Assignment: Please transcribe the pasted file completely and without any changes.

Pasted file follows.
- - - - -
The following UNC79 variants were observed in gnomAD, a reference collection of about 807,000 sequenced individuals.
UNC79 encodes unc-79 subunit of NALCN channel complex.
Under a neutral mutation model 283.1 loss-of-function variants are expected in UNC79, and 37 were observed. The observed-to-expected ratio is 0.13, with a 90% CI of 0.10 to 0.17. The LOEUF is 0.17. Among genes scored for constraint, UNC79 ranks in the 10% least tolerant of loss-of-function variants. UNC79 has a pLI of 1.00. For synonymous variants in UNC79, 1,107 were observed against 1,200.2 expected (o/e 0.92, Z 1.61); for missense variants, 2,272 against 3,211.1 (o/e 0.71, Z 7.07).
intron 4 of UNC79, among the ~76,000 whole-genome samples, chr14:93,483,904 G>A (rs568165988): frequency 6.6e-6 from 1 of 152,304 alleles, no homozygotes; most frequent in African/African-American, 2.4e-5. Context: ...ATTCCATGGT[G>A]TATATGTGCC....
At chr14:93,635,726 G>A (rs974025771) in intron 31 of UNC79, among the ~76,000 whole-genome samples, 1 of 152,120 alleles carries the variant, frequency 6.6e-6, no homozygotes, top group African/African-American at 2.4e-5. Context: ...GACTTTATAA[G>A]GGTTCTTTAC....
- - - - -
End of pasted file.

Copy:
The following UNC79 variants were observed in gnomAD, a reference collection of about 807,000 sequenced individuals.
UNC79 encodes unc-79 subunit of NALCN channel complex.
Under a neutral mutation model 283.1 loss-of-function variants are expected in UNC79, and 37 were observed. The observed-to-expected ratio is 0.13, with a 90% CI of 0.10 to 0.17. The LOEUF is 0.17. Among genes scored for constraint, UNC79 ranks in the 10% least tolerant of loss-of-function variants. UNC79 has a pLI of 1.00. For synonymous variants in UNC79, 1,107 were observed against 1,200.2 expected (o/e 0.92, Z 1.61); for missense variants, 2,272 against 3,211.1 (o/e 0.71, Z 7.07).
intron 4 of UNC79, among the ~76,000 whole-genome samples, chr14:93,483,904 G>A (rs568165988): frequency 6.6e-6 from 1 of 152,304 alleles, no homozygotes; most frequent in African/African-American, 2.4e-5. Context: ...ATTCCATGGT[G>A]TATATGTGCC....
At chr14:93,635,726 G>A (rs974025771) in intron 31 of UNC79, among the ~76,000 whole-genome samples, 1 of 152,120 alleles carries the variant, frequency 6.6e-6, no homozygotes, top group African/African-American at 2.4e-5. Context: ...GACTTTATAA[G>A]GGTTCTTTAC....